A pregnant woman stands in profile in front of a bombed out building.

Maternity at War: Introduction

Our latest series at Nursing Clio, “Maternity at War,” takes perhaps obvious inspiration from the Russian invasion of Ukraine. Coverage of the war, which began over six months ago on February 24, 2022, has been peppered with stories of mothers. President Volodymyr Zelenskyy, for example, used an attack on a maternity hospital to underscore the inhumanity of Russian power and the need for global support.

Historians have long noted the ways that nations often use the suffering, violation, and murder of women and children as a metaphor for the larger national suffering during wartime. But as I watched this conflict begin in real time, rather than through the distant gaze of the historian, the stories of pregnant women and mothers underscored to me the simultaneously horrific, banal, and surreal nature of war. I observed the mental shift among Ukranians, both in interviews and on social media, from a mindset of peace to the mindset of war, and the recognition that their world was fundamentally different, their lives no longer safe. In the midst of it all, pregnancies came to term, children had to be fed and protected, and motherhood continued in both familiar and totally unfamiliar ways.

The initial idea for this series came out of a desire to explore this space between the known and unknown of pregnancy and motherhood during wartime. On the one hand, the demands of pregnancy and childcare remain the same while, on the other hand, they require women to navigate a world turned upside down by conflict.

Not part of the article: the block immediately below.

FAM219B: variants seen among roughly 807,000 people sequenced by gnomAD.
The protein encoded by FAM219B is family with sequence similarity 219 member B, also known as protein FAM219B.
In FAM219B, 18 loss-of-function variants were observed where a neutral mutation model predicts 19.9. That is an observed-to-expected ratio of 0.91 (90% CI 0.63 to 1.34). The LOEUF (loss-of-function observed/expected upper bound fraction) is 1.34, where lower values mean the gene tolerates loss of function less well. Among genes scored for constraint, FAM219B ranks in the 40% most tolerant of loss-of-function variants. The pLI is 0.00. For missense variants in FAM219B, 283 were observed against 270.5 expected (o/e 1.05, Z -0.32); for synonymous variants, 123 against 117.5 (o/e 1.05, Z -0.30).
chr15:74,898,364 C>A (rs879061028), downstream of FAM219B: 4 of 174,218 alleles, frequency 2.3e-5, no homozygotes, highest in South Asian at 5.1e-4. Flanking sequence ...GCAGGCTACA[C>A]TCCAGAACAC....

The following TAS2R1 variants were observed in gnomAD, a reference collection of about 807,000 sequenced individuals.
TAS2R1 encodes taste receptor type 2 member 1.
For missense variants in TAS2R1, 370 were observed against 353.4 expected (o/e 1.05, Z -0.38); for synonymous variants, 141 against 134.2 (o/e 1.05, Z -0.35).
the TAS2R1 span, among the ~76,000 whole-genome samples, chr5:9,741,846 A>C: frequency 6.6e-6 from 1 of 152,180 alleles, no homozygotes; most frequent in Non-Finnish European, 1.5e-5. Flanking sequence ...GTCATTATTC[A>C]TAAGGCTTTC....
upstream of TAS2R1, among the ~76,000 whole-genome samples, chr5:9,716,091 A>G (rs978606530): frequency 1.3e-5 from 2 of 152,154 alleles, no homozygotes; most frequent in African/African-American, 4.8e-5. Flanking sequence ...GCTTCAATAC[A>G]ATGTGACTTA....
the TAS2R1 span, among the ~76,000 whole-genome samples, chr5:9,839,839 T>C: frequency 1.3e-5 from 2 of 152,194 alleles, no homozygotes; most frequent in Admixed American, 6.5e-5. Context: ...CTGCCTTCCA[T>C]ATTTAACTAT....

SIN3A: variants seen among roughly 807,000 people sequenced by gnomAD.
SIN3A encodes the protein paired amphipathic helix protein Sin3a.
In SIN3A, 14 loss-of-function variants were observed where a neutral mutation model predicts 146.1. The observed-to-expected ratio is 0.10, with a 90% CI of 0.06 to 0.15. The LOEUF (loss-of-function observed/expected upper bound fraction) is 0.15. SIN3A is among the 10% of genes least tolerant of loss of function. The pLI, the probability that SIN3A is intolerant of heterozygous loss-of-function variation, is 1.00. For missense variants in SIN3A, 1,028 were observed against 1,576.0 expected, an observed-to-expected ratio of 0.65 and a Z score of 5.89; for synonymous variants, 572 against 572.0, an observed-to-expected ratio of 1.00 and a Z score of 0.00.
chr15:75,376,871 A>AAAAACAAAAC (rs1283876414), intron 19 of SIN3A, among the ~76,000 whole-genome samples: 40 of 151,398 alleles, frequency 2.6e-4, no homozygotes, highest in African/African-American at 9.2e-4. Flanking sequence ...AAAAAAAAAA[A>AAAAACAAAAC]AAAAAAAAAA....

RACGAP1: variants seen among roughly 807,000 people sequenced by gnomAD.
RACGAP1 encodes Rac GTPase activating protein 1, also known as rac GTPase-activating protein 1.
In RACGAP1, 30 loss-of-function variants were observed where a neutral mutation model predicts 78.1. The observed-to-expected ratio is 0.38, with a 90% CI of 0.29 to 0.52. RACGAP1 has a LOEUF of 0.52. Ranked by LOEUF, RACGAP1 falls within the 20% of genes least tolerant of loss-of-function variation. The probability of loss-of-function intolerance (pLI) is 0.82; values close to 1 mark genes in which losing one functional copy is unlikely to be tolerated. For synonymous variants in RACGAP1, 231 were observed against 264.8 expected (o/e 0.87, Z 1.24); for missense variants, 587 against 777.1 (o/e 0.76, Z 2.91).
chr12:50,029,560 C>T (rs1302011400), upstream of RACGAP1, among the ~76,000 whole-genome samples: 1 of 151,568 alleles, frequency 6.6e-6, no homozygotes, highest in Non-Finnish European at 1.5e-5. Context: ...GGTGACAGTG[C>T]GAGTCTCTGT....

The series also reminds us that mothers so often, and so quickly, become metaphors and symbols, but it is important for historians to remember that those narratives are heightened, in some cases sanitized, and routinely detached from the messy realities of war. The invasion of Ukraine reminds us that mothers experience and participate in warfare in myriad ways, not only as fleeing civilians. Women make up roughly fifteen percent of the Ukrainian army, which is in part a legacy of women’s participation in the Soviet army during WWII. In March, a mother of two decided to fight in the war, telling NPR she did “this for my children and for my country.”

The war in Ukraine also disrupted motherhood in a relatively new way. Thanks to the modern technologies that make surrogacy possible, roughly 2,000 children born each year in Ukraine have foreign parents. This created what the New York Times Magazine called a “logistical and ethical mess” as surrogate parents desperately tried to remove surrogate mothers from the most dangerous cities even as those Ukrainian women wanted to remain with their families. The novel realities of surrogacy are juxtaposed by a much more ancient reality of war: rape. It is an upsetting reminder that pregnancy and motherhood can be used as tools of war. Women crossing into Poland who have experienced such sexual violence are being met with another stark reality: Poland’s extremely strict abortion laws.

Ultimately, the choices facing Ukrainian women at this moment are both unique and universal. This series aims to highlight the ways that women have navigated pregnancy and motherhood during wartime across a number of countries and in different eras while also considering how the state has imagined their motherhood. In the process, we hope to shed light on the myriad ways motherhood has shaped war, and war has shaped motherhood.

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